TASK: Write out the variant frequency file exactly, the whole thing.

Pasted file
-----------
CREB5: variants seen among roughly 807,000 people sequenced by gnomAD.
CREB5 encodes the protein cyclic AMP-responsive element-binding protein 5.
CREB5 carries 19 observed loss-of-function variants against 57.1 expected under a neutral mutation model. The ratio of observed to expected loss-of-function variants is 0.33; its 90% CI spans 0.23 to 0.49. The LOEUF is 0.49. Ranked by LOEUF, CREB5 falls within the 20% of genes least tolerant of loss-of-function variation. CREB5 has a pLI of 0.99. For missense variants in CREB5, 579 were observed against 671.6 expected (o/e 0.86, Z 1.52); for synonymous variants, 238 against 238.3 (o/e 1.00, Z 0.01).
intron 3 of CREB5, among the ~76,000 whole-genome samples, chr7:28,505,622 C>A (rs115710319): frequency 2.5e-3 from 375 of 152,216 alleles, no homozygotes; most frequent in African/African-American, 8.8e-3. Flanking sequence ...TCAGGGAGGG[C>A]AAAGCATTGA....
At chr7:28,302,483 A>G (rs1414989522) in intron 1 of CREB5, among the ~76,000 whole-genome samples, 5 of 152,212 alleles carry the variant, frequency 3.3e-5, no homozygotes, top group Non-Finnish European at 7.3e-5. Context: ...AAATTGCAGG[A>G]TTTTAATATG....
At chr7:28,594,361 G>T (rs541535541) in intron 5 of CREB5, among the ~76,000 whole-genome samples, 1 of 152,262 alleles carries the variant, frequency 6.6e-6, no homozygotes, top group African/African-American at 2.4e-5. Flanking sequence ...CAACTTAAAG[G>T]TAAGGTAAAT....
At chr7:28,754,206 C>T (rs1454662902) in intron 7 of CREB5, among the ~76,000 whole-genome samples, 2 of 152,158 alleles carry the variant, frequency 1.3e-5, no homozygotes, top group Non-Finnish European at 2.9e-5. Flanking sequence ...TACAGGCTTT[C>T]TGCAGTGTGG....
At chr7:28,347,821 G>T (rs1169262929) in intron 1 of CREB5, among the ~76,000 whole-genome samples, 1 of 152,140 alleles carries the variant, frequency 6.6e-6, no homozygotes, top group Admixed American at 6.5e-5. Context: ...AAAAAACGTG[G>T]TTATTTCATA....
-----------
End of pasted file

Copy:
CREB5: variants seen among roughly 807,000 people sequenced by gnomAD.
CREB5 encodes the protein cyclic AMP-responsive element-binding protein 5.
CREB5 carries 19 observed loss-of-function variants against 57.1 expected under a neutral mutation model. The ratio of observed to expected loss-of-function variants is 0.33; its 90% CI spans 0.23 to 0.49. The LOEUF is 0.49. Ranked by LOEUF, CREB5 falls within the 20% of genes least tolerant of loss-of-function variation. CREB5 has a pLI of 0.99. For missense variants in CREB5, 579 were observed against 671.6 expected (o/e 0.86, Z 1.52); for synonymous variants, 238 against 238.3 (o/e 1.00, Z 0.01).
intron 3 of CREB5, among the ~76,000 whole-genome samples, chr7:28,505,622 C>A (rs115710319): frequency 2.5e-3 from 375 of 152,216 alleles, no homozygotes; most frequent in African/African-American, 8.8e-3. Flanking sequence ...TCAGGGAGGG[C>A]AAAGCATTGA....
At chr7:28,302,483 A>G (rs1414989522) in intron 1 of CREB5, among the ~76,000 whole-genome samples, 5 of 152,212 alleles carry the variant, frequency 3.3e-5, no homozygotes, top group Non-Finnish European at 7.3e-5. Context: ...AAATTGCAGG[A>G]TTTTAATATG....
At chr7:28,594,361 G>T (rs541535541) in intron 5 of CREB5, among the ~76,000 whole-genome samples, 1 of 152,262 alleles carries the variant, frequency 6.6e-6, no homozygotes, top group African/African-American at 2.4e-5. Flanking sequence ...CAACTTAAAG[G>T]TAAGGTAAAT....
At chr7:28,754,206 C>T (rs1454662902) in intron 7 of CREB5, among the ~76,000 whole-genome samples, 2 of 152,158 alleles carry the variant, frequency 1.3e-5, no homozygotes, top group Non-Finnish European at 2.9e-5. Flanking sequence ...TACAGGCTTT[C>T]TGCAGTGTGG....
At chr7:28,347,821 G>T (rs1169262929) in intron 1 of CREB5, among the ~76,000 whole-genome samples, 1 of 152,140 alleles carries the variant, frequency 6.6e-6, no homozygotes, top group Admixed American at 6.5e-5. Context: ...AAAAAACGTG[G>T]TTATTTCATA....